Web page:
February 2

Tuna Versus Chicken Salad: Is One Healthier Than the Other?


by Julie Baker

In general, salads are healthy meal options; also, chicken and tuna are valid nutritional powerhouses. Still, when you put the two together, you don't always get a healthy meal.

Chicken salad and tuna salad are two popular meals. Looking at the name alone implies a healthy, nutritious meal, but when you examine the ingredients, things get complicated.

Most chicken or tuna salad recipes call for Miracle Whip or Mayonnaise and salt. Neither ingredient is healthy, and both can detract from the benefits of the protein. Therefore, you need to examine the ingredients to determine if chicken or tuna salad is a better dietary choice.

Is Tuna or Chicken a Healthier Protein?

Chicken and tuna are lean proteins and low in calories. Tuna contains omega-3 fatty acids and has less mercury than other fish.

Cost can be an issue when considering the proteins. Fresh tuna is expensive, whereas fresh chicken is among the most affordable meats. While canned tuna is less costly, you need to be careful about how it is packaged. Canned tuna can have higher sodium and fat content than fresh tuna, depending on whether it is packed in oil or water.

Tuna and chicken also have distinctive flavor profiles. Being a fish, some people may not find tuna appealing. Chicken has a bland natural flavor, which doesn't detract from the other ingredients.
Ultimately, both chicken and tuna are healthy proteins. Tuna may pack a little more bang for the bite, but that is mainly due to the fatty acids.

Is Chicken Salad or Tuna Salad Healthier?

The list of ingredients is the primary determiner of whether a chicken or tuna salad is healthy. Using a recipe that focuses on high-fat and overly processed ingredients will not result in a healthy meal. Unfortunately, many recipes call for the addition of unhealthy ingredients.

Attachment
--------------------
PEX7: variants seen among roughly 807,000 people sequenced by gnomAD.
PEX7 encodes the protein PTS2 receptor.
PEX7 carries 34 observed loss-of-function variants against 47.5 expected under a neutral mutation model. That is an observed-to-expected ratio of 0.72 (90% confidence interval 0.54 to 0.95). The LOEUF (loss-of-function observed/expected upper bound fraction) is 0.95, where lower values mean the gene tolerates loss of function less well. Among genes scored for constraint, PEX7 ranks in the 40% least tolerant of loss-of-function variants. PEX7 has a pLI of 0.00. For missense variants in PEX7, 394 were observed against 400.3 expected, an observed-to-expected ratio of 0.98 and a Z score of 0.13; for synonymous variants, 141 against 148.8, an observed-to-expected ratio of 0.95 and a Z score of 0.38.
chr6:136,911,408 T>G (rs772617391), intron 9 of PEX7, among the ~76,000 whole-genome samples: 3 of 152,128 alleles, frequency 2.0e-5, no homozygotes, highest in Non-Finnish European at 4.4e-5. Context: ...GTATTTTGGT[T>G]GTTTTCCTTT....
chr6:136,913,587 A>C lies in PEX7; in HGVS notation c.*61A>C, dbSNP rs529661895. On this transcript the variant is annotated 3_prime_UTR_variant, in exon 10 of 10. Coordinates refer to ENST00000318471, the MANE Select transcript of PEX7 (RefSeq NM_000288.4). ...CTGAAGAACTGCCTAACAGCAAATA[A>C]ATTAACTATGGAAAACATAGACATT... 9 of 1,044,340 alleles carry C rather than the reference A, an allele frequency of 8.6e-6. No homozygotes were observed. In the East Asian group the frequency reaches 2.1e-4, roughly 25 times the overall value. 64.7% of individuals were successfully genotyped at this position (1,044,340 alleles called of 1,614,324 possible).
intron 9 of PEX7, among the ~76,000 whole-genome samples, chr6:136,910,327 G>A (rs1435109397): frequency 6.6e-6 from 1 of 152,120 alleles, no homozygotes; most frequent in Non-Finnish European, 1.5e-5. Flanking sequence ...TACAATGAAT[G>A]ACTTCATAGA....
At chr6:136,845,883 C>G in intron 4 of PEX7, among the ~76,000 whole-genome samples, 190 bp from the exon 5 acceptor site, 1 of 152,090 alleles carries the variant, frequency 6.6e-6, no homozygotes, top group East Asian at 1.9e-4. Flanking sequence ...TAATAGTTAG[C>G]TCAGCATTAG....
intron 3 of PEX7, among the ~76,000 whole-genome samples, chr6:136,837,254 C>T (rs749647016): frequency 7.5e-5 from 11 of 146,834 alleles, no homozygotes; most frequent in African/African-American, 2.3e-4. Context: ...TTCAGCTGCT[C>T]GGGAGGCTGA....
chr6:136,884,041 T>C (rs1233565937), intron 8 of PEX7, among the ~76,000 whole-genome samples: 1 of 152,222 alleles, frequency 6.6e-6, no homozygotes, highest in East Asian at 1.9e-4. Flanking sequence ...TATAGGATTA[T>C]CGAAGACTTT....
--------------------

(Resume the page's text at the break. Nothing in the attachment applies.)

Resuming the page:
You can make chicken or tuna salad healthier. A common ingredient in the salad, which is more commonly used as a sandwich spread, is mayonnaise. By swapping mayonnaise for plain yogurt, you can reduce some of the calories and fats, resulting in a healthier recipe.

You can also reduce calories by watching what kind of dressing or flavorings a recipe uses. Use a vinaigrette or another low-calorie and low-sodium option.

Which "Salad" Should You Eat?

Both salad options can tip the scales at 400 calories per serving, and that is before introducing the bread. While that calorie count seems high, consider the number of vegetables, fruit, nuts, etc., included. Still, if you aren't careful, the salads may contain minimally nutritious and highly-processed ingredients.

Which salad you should eat depends on your nutritional goals. It also depends on the recipe used.
Tuna and chicken are healthy proteins, especially when bought fresh. Fresh tuna may present cost and accessibility barriers, making chicken a preferable choice. Still, both proteins create distinct flavor profiles, meaning which is better is more a matter of preference.

Tuna and chicken salad can represent healthy meal options if you use the right recipe. A better choice might be to have a side salad with one of the proteins as an entree.


Chicken, Diet, Salad, Tuna

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